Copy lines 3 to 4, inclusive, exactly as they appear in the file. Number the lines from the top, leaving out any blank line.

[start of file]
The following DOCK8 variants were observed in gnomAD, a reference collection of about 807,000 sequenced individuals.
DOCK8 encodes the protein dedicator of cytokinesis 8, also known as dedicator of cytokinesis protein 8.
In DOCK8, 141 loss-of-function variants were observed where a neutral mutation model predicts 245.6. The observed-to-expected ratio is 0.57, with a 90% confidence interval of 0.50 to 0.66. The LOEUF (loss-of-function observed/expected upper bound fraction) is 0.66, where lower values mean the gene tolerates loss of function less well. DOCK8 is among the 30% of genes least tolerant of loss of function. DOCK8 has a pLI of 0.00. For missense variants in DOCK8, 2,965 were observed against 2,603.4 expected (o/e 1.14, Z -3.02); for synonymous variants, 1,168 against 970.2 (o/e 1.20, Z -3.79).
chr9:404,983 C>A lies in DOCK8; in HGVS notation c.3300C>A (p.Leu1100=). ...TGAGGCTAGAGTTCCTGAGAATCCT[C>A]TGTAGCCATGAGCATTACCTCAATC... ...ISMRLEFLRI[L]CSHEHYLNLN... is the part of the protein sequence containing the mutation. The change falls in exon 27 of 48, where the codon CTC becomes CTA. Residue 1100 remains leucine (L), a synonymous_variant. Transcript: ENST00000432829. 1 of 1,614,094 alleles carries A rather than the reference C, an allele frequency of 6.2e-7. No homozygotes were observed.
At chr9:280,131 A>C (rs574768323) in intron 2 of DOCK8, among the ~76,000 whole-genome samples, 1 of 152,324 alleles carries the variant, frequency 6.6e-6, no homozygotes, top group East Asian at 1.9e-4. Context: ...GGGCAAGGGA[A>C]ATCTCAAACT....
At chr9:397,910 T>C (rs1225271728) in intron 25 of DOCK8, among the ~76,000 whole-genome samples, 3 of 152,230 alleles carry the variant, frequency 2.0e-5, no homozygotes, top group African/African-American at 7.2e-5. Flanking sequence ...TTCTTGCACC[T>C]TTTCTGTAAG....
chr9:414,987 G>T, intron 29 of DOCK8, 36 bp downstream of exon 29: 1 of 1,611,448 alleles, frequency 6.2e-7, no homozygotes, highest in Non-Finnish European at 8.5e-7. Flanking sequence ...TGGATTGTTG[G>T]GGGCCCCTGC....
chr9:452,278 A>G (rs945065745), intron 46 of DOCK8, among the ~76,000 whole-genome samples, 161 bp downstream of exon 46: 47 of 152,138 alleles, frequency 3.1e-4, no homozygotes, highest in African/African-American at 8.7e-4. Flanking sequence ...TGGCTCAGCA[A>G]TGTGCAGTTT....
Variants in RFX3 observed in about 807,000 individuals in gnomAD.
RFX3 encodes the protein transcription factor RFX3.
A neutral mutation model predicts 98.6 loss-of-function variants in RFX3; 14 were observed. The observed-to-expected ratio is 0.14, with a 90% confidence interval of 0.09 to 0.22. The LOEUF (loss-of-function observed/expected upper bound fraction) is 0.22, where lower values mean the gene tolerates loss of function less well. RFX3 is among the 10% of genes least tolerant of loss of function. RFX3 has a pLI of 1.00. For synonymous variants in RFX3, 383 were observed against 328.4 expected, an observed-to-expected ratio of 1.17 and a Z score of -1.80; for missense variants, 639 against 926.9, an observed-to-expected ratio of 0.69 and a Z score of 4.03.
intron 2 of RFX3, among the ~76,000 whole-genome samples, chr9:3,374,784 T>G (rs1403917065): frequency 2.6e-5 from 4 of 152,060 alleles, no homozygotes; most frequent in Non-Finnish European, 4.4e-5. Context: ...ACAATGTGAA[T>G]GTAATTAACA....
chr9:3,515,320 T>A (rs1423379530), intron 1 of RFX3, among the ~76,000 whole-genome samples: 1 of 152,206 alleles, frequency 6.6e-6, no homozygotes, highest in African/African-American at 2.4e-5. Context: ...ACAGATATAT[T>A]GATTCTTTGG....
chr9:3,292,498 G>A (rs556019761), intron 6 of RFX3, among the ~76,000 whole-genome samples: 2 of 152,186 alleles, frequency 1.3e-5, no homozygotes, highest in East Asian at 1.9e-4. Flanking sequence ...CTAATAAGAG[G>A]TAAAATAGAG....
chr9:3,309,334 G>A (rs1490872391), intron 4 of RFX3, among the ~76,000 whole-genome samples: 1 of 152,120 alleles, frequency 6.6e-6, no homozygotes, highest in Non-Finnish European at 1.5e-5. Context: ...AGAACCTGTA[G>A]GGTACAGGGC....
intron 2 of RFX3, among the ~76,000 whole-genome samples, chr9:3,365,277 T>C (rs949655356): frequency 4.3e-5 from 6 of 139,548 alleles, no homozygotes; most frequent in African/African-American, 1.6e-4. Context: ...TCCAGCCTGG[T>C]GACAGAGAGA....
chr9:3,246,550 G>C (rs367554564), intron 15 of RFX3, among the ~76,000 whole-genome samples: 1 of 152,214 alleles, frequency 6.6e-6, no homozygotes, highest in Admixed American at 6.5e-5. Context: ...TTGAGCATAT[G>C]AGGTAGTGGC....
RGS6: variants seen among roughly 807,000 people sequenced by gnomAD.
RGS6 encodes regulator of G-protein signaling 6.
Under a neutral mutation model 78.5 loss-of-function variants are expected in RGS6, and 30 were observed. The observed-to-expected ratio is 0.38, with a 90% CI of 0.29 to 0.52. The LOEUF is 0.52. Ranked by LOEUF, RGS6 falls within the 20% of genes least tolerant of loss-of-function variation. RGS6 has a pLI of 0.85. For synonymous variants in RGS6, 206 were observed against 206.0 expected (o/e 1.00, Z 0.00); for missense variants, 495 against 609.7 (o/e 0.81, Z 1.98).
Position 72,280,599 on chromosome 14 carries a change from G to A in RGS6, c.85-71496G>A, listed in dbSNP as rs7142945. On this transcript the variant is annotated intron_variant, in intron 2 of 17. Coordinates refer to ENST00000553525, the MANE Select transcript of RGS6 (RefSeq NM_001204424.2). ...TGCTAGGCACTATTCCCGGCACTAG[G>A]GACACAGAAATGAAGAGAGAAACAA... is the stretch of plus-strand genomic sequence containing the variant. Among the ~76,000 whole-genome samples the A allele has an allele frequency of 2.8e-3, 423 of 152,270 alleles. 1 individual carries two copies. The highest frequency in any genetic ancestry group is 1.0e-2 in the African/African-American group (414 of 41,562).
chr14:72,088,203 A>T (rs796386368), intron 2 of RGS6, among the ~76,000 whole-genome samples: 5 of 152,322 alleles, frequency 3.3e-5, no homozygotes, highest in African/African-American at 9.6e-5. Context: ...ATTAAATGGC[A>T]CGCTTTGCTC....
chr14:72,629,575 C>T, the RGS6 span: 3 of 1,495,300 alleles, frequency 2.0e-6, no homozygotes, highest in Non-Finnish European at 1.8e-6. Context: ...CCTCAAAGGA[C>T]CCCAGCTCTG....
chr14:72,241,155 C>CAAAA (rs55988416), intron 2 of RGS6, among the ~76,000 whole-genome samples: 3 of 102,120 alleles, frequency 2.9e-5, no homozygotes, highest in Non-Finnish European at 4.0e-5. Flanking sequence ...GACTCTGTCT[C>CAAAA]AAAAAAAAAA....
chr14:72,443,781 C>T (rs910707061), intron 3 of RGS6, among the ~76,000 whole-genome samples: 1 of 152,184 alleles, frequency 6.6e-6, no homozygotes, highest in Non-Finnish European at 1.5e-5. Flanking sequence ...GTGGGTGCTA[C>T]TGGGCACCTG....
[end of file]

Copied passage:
In DOCK8, 141 loss-of-function variants were observed where a neutral mutation model predicts 245.6. The observed-to-expected ratio is 0.57, with a 90% confidence interval of 0.50 to 0.66. The LOEUF (loss-of-function observed/expected upper bound fraction) is 0.66, where lower values mean the gene tolerates loss of function less well. DOCK8 is among the 30% of genes least tolerant of loss of function. DOCK8 has a pLI of 0.00. For missense variants in DOCK8, 2,965 were observed against 2,603.4 expected (o/e 1.14, Z -3.02); for synonymous variants, 1,168 against 970.2 (o/e 1.20, Z -3.79).
chr9:404,983 C>A lies in DOCK8; in HGVS notation c.3300C>A (p.Leu1100=). ...TGAGGCTAGAGTTCCTGAGAATCCT[C>A]TGTAGCCATGAGCATTACCTCAATC... ...ISMRLEFLRI[L]CSHEHYLNLN... is the part of the protein sequence containing the mutation. The change falls in exon 27 of 48, where the codon CTC becomes CTA. Residue 1100 remains leucine (L), a synonymous_variant. Transcript: ENST00000432829. 1 of 1,614,094 alleles carries A rather than the reference C, an allele frequency of 6.2e-7. No homozygotes were observed.